People who want to know more about wine often tell me they:
- Lack confidence when reading a restaurant wine list – especially when out with ‘wine buffs’
- Don’t want to turn up at a friend’s house with ‘embarrassing bottles’ (they should make a programme about that)
- Are confused by the choice available
The latter is probably the most common, certainly if you shop in supermarkets for your wine. Whilst having a huge range on their shelves is brilliant, it can also feel a bit overwhelming. Is this your thought process?
Nice label + half price + in a rush = BUY
Wine Buying Rut
We’ve all been seduced by a ‘deal’ then ended up using most of the wine for cooking or dashing out again to the shops for a replacement and spending twice as much. So when we find a wine we like, we buy it over and over again. I hear the words “I know what I like” quite a lot from people who have paid good money to come along to a wine tasting event. WHY? I certainly keep on trying and learning in the process, one glass at a time!
The joy of having so much choice is that you can experiment and step out of your comfort zone. You might get a pleasant surprise. And with ‘discounters’ such as Aldi and Lidl offering a fantastic selection of wine at really reasonable prices, you can probably afford to drop a few clangers and have a good selection to throw into your ‘spag bol’ next time.
Follow the Yellow Brick Road
I love independent wine merchants, they usually put their heart and soul into finding a great wine for you and always have some jolly banter and useful information when in the shop. The really good ones tend to have a couple of bottles open for you to try.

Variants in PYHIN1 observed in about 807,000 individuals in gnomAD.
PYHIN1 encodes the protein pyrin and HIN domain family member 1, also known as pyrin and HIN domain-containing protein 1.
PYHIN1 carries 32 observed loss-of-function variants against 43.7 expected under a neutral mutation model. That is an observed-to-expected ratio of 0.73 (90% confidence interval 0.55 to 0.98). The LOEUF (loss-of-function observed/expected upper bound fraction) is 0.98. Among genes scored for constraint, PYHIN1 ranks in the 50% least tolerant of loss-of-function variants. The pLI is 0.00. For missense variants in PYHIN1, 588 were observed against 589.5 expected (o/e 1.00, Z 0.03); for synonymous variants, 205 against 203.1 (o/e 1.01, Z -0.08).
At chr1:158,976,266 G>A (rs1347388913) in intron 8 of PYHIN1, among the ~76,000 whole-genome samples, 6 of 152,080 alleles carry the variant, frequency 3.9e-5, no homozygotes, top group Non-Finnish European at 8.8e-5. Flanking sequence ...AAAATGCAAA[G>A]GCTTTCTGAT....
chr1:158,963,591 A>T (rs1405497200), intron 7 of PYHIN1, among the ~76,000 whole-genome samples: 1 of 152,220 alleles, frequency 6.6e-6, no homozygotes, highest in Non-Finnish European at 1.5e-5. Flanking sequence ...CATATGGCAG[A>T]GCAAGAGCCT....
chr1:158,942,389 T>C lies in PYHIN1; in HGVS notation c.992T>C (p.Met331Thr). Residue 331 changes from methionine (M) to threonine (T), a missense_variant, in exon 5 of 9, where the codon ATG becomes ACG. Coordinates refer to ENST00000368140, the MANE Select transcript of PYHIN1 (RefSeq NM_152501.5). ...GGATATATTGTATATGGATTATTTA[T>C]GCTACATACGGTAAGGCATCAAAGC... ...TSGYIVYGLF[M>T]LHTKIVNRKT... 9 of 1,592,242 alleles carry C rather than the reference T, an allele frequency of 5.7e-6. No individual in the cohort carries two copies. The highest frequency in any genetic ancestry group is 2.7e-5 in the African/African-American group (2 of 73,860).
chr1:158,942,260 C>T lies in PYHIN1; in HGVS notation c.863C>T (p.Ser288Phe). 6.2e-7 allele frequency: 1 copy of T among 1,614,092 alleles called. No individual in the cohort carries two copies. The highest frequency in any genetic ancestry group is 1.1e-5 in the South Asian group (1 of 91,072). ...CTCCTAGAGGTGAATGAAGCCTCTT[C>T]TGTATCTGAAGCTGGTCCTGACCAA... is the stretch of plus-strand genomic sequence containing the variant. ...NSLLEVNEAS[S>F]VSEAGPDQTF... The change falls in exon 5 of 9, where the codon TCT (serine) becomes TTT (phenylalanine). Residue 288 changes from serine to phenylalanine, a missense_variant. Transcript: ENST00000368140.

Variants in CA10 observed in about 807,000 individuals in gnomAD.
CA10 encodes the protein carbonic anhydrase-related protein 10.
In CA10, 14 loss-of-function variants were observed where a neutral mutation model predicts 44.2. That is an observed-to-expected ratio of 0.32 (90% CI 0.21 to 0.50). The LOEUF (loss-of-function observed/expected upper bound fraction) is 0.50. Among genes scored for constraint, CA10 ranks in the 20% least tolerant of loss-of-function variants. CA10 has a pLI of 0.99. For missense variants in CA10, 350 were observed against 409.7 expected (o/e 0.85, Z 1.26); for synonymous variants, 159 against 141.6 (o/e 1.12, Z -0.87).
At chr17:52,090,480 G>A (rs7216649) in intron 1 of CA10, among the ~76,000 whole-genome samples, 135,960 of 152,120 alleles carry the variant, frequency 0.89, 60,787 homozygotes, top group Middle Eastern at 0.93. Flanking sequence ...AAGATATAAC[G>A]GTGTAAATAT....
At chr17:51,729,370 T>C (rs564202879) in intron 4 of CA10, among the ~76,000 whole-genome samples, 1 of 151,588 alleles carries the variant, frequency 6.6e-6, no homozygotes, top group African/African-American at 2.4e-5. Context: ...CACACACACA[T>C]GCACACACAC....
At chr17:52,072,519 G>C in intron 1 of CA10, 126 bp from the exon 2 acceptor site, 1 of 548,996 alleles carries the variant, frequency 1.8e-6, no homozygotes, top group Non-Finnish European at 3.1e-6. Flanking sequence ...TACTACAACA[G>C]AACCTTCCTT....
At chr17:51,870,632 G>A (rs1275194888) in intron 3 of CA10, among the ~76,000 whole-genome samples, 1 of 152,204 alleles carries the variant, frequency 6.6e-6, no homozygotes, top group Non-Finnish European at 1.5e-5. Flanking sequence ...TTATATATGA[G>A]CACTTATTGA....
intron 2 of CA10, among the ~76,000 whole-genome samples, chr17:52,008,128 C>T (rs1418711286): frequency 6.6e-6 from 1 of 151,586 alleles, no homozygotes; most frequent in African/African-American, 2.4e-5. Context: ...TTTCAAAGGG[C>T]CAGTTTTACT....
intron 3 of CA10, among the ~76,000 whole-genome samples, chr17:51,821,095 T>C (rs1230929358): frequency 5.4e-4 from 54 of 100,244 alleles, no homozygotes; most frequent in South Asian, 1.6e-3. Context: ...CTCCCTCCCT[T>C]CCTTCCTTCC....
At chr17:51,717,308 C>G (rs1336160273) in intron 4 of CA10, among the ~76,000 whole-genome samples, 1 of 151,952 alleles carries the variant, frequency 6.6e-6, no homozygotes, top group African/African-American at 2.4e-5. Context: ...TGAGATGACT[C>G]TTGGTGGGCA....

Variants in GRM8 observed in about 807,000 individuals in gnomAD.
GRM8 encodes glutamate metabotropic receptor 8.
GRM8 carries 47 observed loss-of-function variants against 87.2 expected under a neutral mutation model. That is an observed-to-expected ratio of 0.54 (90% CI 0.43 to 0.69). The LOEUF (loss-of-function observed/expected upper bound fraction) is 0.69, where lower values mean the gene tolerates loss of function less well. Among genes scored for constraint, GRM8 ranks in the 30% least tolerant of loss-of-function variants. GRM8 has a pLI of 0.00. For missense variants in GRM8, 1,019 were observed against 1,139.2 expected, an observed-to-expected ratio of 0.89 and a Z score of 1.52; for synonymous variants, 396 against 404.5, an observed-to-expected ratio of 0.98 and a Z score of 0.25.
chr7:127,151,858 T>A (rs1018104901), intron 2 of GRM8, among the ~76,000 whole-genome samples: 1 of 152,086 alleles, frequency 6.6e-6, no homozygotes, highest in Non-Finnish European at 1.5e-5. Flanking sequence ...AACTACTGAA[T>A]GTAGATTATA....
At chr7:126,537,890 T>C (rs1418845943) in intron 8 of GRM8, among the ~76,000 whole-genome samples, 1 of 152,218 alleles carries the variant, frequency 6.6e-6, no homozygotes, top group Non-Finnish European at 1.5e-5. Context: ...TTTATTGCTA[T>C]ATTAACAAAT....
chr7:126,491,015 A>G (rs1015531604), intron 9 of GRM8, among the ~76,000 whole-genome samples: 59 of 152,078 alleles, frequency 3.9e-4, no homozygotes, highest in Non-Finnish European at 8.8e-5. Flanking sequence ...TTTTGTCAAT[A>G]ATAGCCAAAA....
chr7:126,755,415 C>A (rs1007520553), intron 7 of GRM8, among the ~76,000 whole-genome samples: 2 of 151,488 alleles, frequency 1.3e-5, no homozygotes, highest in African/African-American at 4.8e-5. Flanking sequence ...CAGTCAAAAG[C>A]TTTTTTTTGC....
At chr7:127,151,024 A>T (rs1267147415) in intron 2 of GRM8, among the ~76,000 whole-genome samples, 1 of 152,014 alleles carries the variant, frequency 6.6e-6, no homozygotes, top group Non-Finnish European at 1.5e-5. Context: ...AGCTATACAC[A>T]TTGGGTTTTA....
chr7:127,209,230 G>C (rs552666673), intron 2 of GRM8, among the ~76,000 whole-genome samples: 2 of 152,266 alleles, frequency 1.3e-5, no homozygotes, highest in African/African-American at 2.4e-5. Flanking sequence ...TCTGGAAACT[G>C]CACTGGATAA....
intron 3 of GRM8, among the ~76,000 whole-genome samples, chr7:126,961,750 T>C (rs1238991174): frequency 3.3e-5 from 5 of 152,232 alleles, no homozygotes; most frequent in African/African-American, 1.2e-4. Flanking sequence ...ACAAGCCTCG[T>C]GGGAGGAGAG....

However, I would argue that supermarkets give you the opportunity to really experiment and find your feet, or even lose track of them!
I saw this chalkboard when in my local Booths and thought it was a really simple way of illustrating the different styles of wines as well as signposting for what to try next (or is that just my excuse?)
Of course, there are wines I return to more than others, but I am constantly being surprised by new and exciting producers and countries which historically haven’t made great wine but are now doing so. It’s all good, as they say!
More than likely you’ll start to ‘drink smarter’ – perhaps less volume but better quality wine (the one you really love is always a few quid more than you want to pay). But that is good, right?
Once you’ve reached the ’emerald bottled city’ of an independent wine shop, you’ll probably be better informed, more confident (without being big-headed of course) and able to find your way home with something which won’t go to waste!
Tesco: Finest Premier Cru Champagne £18: Rich, toasty and creamy – never had Tesco champagne before, great value for the price (STOP PRESS, NOW £14 until 25th July!)
Majestic: Porta 6 2013 Lisboa £8.99: I’m with James Martin on this one – lovely juicy fruits and refreshing acidity – had with mezze and salad just last night!
D Byrne & Co + Tiny’s Tipple: Valenciso White Rioja 2014 (price varies but £13.99 from D Byrne in Clitheroe): A very modern type of white Rioja – it has oak but it is so subtle and works well with food such as shellfish, squid and more robust fish dishes. A fantastic producer, you should try their red Rioja too!
Tesco: Finest Picpoul de Pinet £6.00: Quite hard to get hold of this as it tends to sell out very quickly. If you are looking for a good alternative to Sauvignon and love that fresh acidity it has, this could be the one. Warning this is NOT like Marlborough Sauvignon, about time you had a change!